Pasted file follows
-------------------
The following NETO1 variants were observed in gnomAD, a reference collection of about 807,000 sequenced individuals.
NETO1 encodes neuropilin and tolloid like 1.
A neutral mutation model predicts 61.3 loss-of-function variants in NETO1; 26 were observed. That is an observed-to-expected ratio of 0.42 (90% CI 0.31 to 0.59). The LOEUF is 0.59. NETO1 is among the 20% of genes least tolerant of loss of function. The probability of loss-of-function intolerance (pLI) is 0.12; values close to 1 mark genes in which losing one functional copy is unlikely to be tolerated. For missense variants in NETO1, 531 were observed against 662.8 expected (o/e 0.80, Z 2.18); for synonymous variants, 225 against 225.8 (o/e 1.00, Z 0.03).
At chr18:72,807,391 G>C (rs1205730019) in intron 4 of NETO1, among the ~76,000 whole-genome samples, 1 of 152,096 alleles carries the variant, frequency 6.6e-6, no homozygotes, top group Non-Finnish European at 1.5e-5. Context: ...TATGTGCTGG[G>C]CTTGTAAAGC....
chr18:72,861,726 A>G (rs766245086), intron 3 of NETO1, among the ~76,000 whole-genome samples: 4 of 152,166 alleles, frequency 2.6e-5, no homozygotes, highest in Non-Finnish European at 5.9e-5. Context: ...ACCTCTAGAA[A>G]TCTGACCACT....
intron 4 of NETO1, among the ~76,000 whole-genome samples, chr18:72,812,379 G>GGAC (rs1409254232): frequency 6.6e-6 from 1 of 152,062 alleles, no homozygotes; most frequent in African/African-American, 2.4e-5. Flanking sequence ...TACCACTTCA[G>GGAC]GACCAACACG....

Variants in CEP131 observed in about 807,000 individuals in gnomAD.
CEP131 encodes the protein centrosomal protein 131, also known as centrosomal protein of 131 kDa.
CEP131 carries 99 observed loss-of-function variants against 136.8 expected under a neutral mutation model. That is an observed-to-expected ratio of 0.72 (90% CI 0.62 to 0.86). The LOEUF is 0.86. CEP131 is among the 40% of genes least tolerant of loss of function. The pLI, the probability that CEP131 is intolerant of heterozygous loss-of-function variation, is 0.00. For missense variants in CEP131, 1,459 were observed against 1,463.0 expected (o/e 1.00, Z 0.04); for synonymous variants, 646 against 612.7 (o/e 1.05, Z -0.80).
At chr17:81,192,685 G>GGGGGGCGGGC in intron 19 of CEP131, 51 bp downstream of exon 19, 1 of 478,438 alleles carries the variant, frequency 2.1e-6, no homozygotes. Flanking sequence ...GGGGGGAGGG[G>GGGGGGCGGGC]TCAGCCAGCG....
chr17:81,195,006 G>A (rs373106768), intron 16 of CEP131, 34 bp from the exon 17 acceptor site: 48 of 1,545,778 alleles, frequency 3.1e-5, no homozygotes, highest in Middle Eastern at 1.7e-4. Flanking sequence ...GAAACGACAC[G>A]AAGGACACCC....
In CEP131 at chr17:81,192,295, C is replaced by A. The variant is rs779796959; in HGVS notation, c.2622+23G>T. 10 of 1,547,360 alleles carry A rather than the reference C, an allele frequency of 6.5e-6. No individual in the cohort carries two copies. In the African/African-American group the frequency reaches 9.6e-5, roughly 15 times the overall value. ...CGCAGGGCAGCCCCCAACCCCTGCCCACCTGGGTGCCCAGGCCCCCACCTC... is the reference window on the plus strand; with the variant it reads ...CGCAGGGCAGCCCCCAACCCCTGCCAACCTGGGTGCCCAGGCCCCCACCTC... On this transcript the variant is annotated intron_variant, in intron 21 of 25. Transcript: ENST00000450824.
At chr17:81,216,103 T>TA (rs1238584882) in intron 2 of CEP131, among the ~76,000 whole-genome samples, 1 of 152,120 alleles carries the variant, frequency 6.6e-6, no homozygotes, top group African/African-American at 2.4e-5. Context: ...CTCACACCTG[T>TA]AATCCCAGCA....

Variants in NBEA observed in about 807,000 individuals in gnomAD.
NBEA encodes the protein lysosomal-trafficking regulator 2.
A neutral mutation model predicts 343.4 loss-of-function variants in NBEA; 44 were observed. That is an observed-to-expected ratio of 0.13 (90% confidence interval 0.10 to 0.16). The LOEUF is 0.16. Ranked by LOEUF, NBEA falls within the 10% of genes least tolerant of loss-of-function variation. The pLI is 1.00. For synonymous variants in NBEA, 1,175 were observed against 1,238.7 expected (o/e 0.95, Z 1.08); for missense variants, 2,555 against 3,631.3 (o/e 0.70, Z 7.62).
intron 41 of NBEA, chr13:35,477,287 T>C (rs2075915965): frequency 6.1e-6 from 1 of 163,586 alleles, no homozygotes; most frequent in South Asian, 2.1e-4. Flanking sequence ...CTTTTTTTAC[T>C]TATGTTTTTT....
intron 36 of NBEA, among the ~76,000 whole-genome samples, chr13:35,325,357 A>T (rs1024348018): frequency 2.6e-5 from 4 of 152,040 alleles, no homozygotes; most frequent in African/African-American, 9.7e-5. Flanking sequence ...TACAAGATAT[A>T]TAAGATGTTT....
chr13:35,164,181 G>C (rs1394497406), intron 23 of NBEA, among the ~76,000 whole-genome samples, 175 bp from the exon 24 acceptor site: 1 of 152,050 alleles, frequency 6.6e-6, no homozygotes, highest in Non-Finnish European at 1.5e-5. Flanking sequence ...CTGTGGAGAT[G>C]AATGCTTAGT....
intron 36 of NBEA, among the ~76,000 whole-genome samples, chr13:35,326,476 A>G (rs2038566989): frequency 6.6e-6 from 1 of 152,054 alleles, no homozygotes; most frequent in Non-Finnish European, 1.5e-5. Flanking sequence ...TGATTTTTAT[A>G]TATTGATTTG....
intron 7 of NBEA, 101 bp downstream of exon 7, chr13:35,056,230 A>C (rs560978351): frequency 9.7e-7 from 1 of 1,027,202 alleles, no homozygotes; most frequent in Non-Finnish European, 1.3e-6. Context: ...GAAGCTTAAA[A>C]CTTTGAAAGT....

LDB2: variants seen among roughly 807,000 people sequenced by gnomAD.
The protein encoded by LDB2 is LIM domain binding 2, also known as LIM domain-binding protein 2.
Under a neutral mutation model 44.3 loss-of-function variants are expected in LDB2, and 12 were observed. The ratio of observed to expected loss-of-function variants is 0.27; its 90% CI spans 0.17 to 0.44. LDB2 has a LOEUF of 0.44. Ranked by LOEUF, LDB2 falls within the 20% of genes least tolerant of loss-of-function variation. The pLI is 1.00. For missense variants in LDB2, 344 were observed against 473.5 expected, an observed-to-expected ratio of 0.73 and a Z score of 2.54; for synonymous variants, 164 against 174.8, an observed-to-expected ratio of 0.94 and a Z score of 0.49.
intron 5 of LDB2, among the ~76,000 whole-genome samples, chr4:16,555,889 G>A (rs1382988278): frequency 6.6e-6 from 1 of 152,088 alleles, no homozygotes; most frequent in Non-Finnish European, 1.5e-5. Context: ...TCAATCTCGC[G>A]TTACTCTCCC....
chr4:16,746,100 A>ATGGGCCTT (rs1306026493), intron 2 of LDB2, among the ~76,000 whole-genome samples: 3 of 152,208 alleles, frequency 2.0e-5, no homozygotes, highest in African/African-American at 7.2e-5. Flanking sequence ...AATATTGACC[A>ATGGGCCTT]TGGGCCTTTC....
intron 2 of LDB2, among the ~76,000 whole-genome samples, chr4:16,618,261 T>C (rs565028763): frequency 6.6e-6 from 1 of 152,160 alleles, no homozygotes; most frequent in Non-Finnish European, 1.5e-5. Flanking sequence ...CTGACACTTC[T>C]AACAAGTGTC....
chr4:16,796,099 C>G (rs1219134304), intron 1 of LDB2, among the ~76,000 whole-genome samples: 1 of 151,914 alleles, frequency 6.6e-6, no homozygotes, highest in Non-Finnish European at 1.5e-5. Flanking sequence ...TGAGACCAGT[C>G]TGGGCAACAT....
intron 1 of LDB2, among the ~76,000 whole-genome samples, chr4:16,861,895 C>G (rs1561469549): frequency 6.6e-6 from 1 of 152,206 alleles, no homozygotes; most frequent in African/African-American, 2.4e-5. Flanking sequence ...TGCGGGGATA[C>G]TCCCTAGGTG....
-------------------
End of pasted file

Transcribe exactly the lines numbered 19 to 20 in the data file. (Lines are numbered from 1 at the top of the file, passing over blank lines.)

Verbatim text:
chr13:35,164,181 G>C (rs1394497406), intron 23 of NBEA, among the ~76,000 whole-genome samples, 175 bp from the exon 24 acceptor site: 1 of 152,050 alleles, frequency 6.6e-6, no homozygotes, highest in Non-Finnish European at 1.5e-5. Flanking sequence ...CTGTGGAGAT[G>C]AATGCTTAGT....
intron 36 of NBEA, among the ~76,000 whole-genome samples, chr13:35,326,476 A>G (rs2038566989): frequency 6.6e-6 from 1 of 152,054 alleles, no homozygotes; most frequent in Non-Finnish European, 1.5e-5. Flanking sequence ...TGATTTTTAT[A>G]TATTGATTTG....